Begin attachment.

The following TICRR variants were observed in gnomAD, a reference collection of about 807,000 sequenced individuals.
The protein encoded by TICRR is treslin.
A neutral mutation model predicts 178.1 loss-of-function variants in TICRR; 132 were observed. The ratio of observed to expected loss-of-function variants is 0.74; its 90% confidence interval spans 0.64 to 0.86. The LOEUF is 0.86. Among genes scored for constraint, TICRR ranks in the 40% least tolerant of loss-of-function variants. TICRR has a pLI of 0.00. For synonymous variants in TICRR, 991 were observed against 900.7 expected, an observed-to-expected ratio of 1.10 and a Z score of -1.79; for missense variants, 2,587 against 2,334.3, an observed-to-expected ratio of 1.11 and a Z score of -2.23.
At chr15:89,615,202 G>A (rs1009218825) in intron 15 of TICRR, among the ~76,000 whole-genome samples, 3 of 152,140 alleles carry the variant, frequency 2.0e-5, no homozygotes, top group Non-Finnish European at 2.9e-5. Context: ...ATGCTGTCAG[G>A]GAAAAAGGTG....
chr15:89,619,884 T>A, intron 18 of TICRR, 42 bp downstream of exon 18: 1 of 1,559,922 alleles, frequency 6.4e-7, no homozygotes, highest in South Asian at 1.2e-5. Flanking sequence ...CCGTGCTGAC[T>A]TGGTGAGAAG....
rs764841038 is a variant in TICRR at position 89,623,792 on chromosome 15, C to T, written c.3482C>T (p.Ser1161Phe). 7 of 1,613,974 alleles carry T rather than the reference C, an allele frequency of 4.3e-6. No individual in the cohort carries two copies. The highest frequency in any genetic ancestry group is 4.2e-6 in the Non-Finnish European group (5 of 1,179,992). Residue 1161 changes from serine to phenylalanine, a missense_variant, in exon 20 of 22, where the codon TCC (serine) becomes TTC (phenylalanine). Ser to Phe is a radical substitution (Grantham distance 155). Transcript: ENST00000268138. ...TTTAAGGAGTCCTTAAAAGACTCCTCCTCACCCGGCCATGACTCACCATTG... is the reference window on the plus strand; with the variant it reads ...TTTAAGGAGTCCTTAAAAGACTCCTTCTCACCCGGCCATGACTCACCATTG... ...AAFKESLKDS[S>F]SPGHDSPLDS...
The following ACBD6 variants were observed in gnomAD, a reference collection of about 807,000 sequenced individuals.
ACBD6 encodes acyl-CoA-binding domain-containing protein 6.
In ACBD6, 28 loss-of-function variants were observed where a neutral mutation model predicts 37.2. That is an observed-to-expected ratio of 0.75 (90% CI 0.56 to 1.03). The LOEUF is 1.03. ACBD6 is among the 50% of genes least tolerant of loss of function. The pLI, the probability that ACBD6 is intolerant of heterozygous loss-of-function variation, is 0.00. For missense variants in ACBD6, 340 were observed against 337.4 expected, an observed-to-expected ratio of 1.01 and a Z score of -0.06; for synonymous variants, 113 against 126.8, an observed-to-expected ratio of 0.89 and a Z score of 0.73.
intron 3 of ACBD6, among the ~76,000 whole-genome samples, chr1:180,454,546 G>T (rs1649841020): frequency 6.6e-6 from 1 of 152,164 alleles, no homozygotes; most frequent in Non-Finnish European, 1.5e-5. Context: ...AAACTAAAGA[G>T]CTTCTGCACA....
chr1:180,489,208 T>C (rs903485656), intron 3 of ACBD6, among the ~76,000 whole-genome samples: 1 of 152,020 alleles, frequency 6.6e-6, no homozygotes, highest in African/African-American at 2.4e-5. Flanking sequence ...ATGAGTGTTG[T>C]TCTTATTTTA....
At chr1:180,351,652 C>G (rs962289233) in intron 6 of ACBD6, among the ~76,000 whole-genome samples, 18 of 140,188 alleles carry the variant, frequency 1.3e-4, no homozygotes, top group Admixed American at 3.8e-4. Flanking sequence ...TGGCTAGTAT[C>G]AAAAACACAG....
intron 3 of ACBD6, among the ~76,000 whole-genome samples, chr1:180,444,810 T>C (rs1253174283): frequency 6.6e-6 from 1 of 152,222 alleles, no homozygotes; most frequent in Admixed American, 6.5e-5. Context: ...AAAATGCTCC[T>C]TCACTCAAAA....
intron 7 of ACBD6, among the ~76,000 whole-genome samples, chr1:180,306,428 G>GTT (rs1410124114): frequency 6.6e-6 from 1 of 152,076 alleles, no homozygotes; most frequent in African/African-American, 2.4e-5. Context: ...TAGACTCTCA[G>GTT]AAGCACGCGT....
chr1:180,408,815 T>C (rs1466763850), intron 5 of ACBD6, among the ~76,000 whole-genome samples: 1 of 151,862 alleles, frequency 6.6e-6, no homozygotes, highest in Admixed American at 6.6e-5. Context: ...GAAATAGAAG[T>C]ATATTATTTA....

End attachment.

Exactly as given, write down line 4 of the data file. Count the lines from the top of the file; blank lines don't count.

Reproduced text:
At chr15:89,615,202 G>A (rs1009218825) in intron 15 of TICRR, among the ~76,000 whole-genome samples, 3 of 152,140 alleles carry the variant, frequency 2.0e-5, no homozygotes, top group Non-Finnish European at 2.9e-5. Context: ...ATGCTGTCAG[G>A]GAAAAAGGTG....